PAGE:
Danny Pate Q&A: Crashes happen in the crosswinds

Danny Pate says Chris Froome can deliver the goods in Wednesday's time trial and in the decisive second week

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LEON, Spain (VN) – Danny Pate says Sky remains quietly confident that Chris Froome can deliver the goods with the most decisive stages of the Vuelta a España looming in the coming week.

After 10 days of racing, the balance of the Vuelta will play out over the next six days of racing. Wednesday’s individual time trial and three brutal climbing stages in the mountains of Asturias over the weekend will dramatically alter the dynamic of what’s still a very tightly packed GC picture.

Pate is one of the workhorses on a very deep squad that Sky brings to the Vuelta to support Froome’s GC push.

The Kenya-born rider is getting the full support of Sky for the first time and wants to maximize the opportunity, with nothing short of overall victory as the ultimate goal in Madrid.

After missing out on a slot for Sky’s Tour nine, Pate said he’s very motivated to be racing for the win at the Vuelta.

VeloNews caught up with the American to talk Froome, Wednesday’s time trial and the real story behind the echelon controversy in stage 4.

VeloNews: So far things are going well for Froome. What’s the mood inside the bus?
Danny Pate: Everyone is riding is really well. We’re really confident in what we’ve come here to accomplish. The two Colombian guys are tearing up the climbs. If they were on any other team, they would be team leader. Having those two guys for Chris in the mountains is a big luxury. That’s not even mentioning Richie (Porte); he’s going to be there as well. That’s what we needed in this race, with so many climbing finishes.

VN: The big doubt about Froome is if he can hold his form from the Tour to the end of the Vuelta. How do you see Froome’s form right now?
DP: So far, Chris looks great. It is a bit of a tall task to do so well in the Tour, the Olympics and then to come over to the Vuelta. That’s hard to do. If he can manage that, it’s even more compliment of what he’s been able to accomplish this season.

VN: What’s Froome like behind the scenes? He’s always such a perfect English gentleman in public.
DP: I think he’s a competitor. Like most of the guys, he likes to win. I haven’t really thought about it. He doesn’t shy down from taking the risks that you need to take in the bike race. Everyone needs to be at the front. He’s savvy enough in the race and he really wants to win.

VN: How important is Wednesday’s time trial for Froome’s chances?
DP: It’s always very important, it’s a big stage for Chris to look to make gains on some guys. Riders like Rodríguez, it’s a great stage for Chris against him to take time, maybe not make as big a gain on Contador. Contador is a good time trialist as well. It’s very important.

VN: It seems like it’s going to be a dogfight between Sky and Saxo Bank-Tinkoff Bank. How do you see the two teams measuring up?
DP: Saxo Bank is really good. They have some good climbers here as well. They’re looking to do the exact same thing as we are, so it will really just come down to who is better on the climb. It will be pretty simple.

VN: It’s not easy to drop Froome. Do you think Contador can do it?
DP: He showed that the other day, the Cat. 3 finish (Fuerte de Rapitán), which was more like a Cat. 2 finish, to tell the truth, that he can be there on the climbs. That was a good preview of the climbing that’s to come. The bigger, longer climbs will be more telling. I do not know if we will see the same placings, with Rodríguez winning, because he’s better at those shorter climbs.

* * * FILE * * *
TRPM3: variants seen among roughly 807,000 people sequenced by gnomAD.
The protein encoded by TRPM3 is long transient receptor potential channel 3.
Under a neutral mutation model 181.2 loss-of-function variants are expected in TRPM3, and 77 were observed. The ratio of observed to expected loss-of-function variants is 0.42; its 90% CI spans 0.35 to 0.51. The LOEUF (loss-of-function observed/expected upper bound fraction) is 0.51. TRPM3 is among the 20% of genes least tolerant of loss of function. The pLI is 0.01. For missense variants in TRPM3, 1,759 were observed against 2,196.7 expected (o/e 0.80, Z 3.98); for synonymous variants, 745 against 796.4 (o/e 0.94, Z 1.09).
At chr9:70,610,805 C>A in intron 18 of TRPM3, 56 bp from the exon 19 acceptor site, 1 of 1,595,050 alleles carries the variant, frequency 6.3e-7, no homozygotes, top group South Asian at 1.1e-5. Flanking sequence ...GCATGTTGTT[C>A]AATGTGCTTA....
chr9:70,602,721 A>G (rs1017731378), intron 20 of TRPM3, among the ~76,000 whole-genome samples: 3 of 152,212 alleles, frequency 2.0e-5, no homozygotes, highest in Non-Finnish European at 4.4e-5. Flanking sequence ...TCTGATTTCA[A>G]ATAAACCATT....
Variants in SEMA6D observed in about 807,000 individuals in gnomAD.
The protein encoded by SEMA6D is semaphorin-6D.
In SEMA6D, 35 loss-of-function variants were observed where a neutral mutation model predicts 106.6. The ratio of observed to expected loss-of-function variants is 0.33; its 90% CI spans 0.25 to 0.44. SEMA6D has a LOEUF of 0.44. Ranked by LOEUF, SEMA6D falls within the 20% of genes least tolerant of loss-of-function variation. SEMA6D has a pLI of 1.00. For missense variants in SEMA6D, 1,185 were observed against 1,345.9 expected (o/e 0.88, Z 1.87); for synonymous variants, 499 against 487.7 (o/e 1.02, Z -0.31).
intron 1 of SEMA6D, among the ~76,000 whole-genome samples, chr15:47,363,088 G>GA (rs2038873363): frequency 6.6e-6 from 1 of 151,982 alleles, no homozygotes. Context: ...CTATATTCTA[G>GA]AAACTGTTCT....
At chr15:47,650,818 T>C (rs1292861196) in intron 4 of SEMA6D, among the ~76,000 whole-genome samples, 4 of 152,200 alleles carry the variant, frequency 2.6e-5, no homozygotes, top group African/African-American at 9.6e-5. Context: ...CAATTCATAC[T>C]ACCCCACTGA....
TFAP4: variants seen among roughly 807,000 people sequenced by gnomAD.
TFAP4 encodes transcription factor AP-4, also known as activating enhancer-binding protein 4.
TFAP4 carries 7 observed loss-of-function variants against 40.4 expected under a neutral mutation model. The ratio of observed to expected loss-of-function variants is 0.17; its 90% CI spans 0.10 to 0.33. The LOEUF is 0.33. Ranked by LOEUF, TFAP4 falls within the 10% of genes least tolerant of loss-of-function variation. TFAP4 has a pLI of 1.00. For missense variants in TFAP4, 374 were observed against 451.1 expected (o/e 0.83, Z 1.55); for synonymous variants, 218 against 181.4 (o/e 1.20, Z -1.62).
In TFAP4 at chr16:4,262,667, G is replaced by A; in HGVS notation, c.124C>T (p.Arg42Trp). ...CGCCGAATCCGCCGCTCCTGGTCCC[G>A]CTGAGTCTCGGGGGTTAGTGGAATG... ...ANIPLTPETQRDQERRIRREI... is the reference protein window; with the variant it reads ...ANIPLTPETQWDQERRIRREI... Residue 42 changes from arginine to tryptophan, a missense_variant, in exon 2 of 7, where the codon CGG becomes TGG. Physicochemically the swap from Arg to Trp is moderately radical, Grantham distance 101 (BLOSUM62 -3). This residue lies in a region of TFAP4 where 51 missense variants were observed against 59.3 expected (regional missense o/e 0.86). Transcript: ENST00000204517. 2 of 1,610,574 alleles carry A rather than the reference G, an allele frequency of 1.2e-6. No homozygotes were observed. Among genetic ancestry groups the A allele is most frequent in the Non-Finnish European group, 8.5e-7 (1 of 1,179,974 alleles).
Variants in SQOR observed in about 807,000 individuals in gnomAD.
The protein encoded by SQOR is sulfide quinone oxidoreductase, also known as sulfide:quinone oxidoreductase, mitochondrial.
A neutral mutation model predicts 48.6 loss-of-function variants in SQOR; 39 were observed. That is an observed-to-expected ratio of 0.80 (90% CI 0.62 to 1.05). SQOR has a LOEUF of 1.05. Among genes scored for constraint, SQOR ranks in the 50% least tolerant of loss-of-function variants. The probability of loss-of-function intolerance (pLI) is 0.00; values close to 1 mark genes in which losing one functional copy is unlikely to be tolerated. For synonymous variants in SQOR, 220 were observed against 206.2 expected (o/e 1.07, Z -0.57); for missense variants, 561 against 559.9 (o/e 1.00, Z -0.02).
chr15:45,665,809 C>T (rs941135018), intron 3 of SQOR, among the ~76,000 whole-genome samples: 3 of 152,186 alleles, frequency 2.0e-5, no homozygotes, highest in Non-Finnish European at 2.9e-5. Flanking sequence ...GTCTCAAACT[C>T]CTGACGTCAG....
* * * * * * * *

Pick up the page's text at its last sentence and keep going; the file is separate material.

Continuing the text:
VN: There was a lot of flack over the echelon polemics in stage 4. You were right there. How did you see it going down?
DP: I was right there. I think most of everything has already been said about it. Anything negative was coming from one specific team. Everyone else didn’t really think anything was done wrong, except for that one team.

VN: Movistar says Sky caused the crash and then attacked the fallen leader, how do you react to that?
DP: That’s what happens in the crosswinds – crashes. That’s why [we] went in the crosswinds, because if we didn’t go, someone else would have. We attacked the crosswinds and there was a crash. There is a crash in every crosswind. We didn’t know who was in it. All we knew is that we were OK and the peloton was in five groups. We were not racing one individual there. We were racing everyone. Rabobank was in the second or third echelon. We weren’t just trying to get rid of Valverde. We were trying to get rid of Gesink, Mollema, everyone. The Rabobank guys said they had to fully commit to come back to the group. That’s what we were looking for. That’s what the race is in that situation. In football, if the defender slips, then the receiver runs for a touchdown, the receiver is supposed to stop or something? I don’t know. None of us were involved in the crash. The guys that crashed, they crashed themselves. That’s all about it that could be said. We were all in front of it.

VN: You were on the bubble for the Tour de France team. Were you upset to miss out on the historical ride by Sky?
DP: It’s always really hard to make the Tour team with this team. It’s hard to even make the Vuelta team on the best teams. I consider myself lucky and fortunate to be here. The Tour would have been something special for what happened. I just didn’t end up on that team. Everyone that was on our Tour team was an amazing rider. It’s not like it’s the end of the world. We’re riding for the win here. It’s very similar to the Tour.

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